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7 thoughts on “Anti-Social Social Media 

  1. zaidhanblog says:

    Hi Shafiq.
    I read your article and found it a great piece on the topic of cyber bullying. I have to agree with all pointers that you’ve put out about cyber bullying. While almost everyone is or has fallen victim to cyber bullying are there any significant measures that can be taken to prevent it? Furthermore, schools and institutes are taking an initiative to teach students the reality of cyber bullying and how this could lead to devastating impacts. Teachers just like students can go online and find out what is going on in the student community. Although you’ve emphasised and pointed out the impacts of cyber bullying the interpretation I got from the post is that teachers aren’t really aware of what is going on and that may not be the case in this digital world. Teachers are given guidelines to counter cases of cyberbullying through training and development sessions. An example can be the this booklet about prevention of cyber bullying produced by COSTIS0801.

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    1. Shafiq Mazlan says:

      Hi Zaidhan,

      Thanks for your comment! While I did include a video on how to react to cyberbullying, you were right that I did not mention the measures that can be taken to prevent it. To answer this, firstly, it is important to secure your accounts by using strong passwords or double-authentication to prevent unwanted access and information theft. Secondly, adjust your privacy settings so that only people you know are able to view and interact with you online. Thirdly, learn how to use the report function of your social media account in case of any online harassment.

      As for your comment regarding teachers not being aware of what is going on, that is not the case as you’ve mentioned, and yes they have guidelines on how to counter these cyberbully attacks. However, unless the teachers were able to see the cyberbullying attacks publicly, I would like to add on that usually, victims choose not to report the matter to their teachers or parents. According to statistics, only 10% of teenagers report they’ve been cyberbullied to their teachers/parents, as 40% were scared their teachers/parents would get involved, 36% worried what their teachers/parents would do, and 32% said they felt ashamed.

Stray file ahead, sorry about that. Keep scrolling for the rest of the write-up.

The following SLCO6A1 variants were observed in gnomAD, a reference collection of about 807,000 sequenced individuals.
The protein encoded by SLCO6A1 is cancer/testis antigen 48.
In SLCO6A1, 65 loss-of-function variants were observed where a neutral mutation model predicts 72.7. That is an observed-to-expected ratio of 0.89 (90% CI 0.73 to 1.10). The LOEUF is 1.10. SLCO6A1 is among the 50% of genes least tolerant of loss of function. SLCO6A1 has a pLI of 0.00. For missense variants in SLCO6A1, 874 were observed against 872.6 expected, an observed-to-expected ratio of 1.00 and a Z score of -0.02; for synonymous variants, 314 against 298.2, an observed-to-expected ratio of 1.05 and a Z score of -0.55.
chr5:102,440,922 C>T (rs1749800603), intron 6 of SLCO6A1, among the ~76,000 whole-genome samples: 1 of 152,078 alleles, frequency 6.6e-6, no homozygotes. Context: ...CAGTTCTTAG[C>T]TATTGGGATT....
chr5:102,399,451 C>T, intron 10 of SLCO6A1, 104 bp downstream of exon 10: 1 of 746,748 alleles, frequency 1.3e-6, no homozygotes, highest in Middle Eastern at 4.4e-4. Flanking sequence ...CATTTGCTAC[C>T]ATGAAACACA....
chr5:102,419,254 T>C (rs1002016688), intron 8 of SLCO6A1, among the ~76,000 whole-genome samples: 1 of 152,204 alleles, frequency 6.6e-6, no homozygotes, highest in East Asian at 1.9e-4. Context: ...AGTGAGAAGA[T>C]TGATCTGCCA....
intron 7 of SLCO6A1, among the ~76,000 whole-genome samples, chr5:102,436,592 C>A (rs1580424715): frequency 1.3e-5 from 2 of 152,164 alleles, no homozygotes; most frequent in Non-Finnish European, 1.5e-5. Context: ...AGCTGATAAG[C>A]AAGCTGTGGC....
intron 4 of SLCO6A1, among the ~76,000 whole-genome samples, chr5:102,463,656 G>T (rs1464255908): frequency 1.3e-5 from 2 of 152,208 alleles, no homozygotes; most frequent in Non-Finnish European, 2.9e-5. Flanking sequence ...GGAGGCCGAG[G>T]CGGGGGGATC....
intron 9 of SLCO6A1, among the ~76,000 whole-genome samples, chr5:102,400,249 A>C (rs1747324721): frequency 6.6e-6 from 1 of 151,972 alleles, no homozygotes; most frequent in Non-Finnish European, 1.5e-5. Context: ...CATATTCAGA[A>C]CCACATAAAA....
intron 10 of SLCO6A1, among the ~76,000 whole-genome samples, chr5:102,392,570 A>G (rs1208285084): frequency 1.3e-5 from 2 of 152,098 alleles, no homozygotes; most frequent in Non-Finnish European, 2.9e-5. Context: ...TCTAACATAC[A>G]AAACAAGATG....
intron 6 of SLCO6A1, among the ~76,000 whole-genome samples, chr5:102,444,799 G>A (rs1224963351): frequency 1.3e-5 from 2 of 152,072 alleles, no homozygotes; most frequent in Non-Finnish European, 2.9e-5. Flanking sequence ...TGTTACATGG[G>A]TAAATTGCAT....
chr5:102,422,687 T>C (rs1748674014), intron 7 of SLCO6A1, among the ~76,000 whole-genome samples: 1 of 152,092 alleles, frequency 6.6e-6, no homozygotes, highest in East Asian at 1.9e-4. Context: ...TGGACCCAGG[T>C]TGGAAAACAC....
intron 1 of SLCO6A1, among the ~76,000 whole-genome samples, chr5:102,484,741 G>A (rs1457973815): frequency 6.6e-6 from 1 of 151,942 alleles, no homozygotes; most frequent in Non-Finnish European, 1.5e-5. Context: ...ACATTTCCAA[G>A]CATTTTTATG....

I hope I’ve answered your queries, and thank you for your feedback!

      Liked by 1 person

  2. Norman Tay says:

    Hi Shafiq,
    I would respectfully disagree that educational use of social media conceptualised cyberbullying. The crux of the matter is that social media is the catalyst and not educational use. However, I would agree that educational use makes it easier for bullies to find a reason to victimise an individual (bad answers, disagreeable ideas etc.) I personally think that the problem could be reduced by having an institutional website/forum where pseudonyms are absent.

    Having an institutional platform helps to create a sterile environment as students’ comments would or could be regulated. To eradicate the problem in its entirety is a challenge on another level; to eliminate social media platforms is pretty much impossible. Thus I would suggest institutions to educate students on the concept of “cyberbullying”, and convey that there will be absolute intolerance when dealing with cyberbullying. What do you think?

    Liked by 1 person

    1. Shafiq Mazlan says:

      Hi Norman,

      Thanks for the comment! You’re right by saying that cyberbullying did not stem from the educational use of social media itself, and thank you for pointing out to me that I did not make it out to appear so. I was trying to explain that cyberbullying has seen a rise in the increased adoption of social media in education, as social media in this context has allowed students studying in the same institution to aggregate on the same platforms, thus creating a bigger and easier pool of potential victims for cyberbullying. As for the use of pseudonyms in websites, I would say that it is a double-edged sword. Disallowing anonymity or using pseudonyms would mean that anyone who cyberbullies someone could be easily identified, while at the same time, allowing the use of pseudonyms or anonymous profiles would mean that cyberbullies might not know who to target.

      You’ve brought up good points about educating students on cyberbullying and its intolerence in the institution, and I fully agree with you. It is true that eradicating this problem of cyberbullying is a big challenge, but the measures taken to educate and prevent cyberbullying is an important first step for students and teachers alike to tackle this issue.

      Thank you for your feedback,
      Cheers!

      Like